After watching The Hustler (click here for my review of that 1961 film), I immediately had to watch Martin Scorsese’s The Color of Money. This has to be one of the weirdest sequels ever made. Released twenty-five years after the original film, made by a different director, shot in color as opposed to the original’s black-and-white, The Color of Money is a completely different film than The Hustler. And yet, I was impressed by how connected the two films were, mostly because of the story — which, though set years later, seems to draw a direct line from the end of The Hustler — and, of course, Paul Newman’s reprisal of his classic role as “Fast” Eddie Felson.
Like The Hustler, The Color of Money was adapted from a novel by Walter Tevis. Following the events of The Hustler, Eddie stopped being a pool shark. He seems to have made a fine (though not especially successful) life for himself, but when he sees an incredibly talented young pool player, Vincent (played by Tom Cruise), Eddie begins to hunger once again for the action. He convinces Vincent to let Eddie take him on the road, so he can teach Vincent the pool shark game and hopefully make the both of them a lot of money.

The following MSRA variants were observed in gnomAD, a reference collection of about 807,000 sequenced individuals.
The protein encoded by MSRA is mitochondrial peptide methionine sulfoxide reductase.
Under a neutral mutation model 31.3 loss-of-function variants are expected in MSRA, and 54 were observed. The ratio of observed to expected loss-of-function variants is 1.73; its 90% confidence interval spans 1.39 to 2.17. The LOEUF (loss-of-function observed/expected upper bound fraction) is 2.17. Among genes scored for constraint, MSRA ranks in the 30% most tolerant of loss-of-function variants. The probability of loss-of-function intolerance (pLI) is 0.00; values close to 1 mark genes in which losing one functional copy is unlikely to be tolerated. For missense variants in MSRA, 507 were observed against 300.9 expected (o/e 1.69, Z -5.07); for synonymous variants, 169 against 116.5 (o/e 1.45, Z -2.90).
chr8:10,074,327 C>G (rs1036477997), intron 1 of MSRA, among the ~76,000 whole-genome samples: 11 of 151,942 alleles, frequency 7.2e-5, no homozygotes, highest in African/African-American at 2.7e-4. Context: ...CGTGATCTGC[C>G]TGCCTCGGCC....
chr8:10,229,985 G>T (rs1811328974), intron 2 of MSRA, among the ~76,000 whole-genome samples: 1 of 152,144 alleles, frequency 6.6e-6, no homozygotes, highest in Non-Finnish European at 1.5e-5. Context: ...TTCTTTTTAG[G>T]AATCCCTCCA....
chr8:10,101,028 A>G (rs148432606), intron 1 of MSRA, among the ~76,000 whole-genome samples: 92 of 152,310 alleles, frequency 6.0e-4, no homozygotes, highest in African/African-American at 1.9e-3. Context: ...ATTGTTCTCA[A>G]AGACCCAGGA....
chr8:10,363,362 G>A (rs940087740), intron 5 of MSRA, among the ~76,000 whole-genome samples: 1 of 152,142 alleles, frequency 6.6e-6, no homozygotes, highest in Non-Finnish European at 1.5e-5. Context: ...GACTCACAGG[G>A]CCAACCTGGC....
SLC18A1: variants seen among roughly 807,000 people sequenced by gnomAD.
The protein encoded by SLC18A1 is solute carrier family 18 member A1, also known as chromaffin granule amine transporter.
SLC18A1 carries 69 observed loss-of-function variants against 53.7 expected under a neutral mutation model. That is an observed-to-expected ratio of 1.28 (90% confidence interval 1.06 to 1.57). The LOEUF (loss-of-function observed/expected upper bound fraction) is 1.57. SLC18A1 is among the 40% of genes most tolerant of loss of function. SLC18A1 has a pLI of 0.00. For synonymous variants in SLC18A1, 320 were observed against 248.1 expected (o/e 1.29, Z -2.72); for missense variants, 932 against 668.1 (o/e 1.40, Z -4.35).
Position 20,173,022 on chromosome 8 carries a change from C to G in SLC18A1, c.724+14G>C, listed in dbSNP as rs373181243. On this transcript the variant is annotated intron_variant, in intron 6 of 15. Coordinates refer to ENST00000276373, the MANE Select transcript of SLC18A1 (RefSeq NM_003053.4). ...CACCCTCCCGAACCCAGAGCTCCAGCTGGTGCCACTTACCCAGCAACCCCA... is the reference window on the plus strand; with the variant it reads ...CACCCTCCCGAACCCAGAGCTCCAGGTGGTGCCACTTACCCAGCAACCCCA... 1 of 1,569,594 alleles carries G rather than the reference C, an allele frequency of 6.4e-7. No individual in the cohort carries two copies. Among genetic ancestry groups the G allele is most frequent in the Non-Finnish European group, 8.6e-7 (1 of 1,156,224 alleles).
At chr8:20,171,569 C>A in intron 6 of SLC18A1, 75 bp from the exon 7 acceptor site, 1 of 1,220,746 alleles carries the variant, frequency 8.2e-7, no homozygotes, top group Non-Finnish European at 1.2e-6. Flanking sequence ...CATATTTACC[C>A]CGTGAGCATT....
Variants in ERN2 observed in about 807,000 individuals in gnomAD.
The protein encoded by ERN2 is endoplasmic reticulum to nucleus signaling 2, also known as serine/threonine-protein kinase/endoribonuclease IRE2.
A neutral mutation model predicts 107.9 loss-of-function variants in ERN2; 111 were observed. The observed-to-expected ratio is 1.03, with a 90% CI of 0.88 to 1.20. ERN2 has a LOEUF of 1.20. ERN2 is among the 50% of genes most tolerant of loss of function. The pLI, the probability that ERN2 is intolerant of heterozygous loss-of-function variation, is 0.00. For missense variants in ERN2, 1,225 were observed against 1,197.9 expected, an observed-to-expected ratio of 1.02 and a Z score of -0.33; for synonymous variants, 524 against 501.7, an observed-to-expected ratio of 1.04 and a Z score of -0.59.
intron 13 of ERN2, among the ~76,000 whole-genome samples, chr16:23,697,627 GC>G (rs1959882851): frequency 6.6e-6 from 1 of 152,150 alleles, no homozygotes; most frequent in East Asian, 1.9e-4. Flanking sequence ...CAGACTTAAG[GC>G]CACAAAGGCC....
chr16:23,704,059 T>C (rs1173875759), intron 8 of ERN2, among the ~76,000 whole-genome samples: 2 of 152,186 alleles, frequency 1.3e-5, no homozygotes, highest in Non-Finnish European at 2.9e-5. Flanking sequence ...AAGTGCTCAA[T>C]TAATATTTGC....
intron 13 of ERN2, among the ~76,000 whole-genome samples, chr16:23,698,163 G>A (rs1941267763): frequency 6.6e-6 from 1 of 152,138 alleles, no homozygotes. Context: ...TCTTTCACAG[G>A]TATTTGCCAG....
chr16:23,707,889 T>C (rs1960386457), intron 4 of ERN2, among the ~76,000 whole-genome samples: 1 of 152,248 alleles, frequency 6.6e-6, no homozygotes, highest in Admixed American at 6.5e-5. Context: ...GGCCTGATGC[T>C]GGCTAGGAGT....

As in The Hustler, the film succeeds primarily because Paul Newman is so fantastic in the role of “Fast” Eddie. Mr. Newman may be an older man, but he’s still incredibly compelling and charismatic. You can see in the way he talks, and the way he moves, the powerful young man that “Fast” Eddie once was. As the film progresses, the narrative keeps the audience in genuine doubt as to whether Eddie still has what it takes to beat the odds and get the score, or whether he’s just a washed up old man with memories of glory. Mr. Newman’s powerful yet subtle performance allows the audience to envision both possibilities.
The beating heart of The Color of Money, of course, and the film’s whole reason for being, is the pairing of elder statesman Paul Newman with the young Tom Cruise as Vincent. Mr. Cruise is electric in the role. Vincent is brash and loud, full of energy and enthusiasm and lust for life, but totally without patience and not exactly possessing of a plethora of brains. The twenty-four year-old Cruise commands the viewer’s attention, and when he and Paul Newman share the screen (as they do for much of the film’s run-time), their chemistry is palpable and exciting. It’s a terrific dynamic, and certainly one that helps you understand why the filmmakers felt like a return to “Fast” Eddie and the world of … [continued]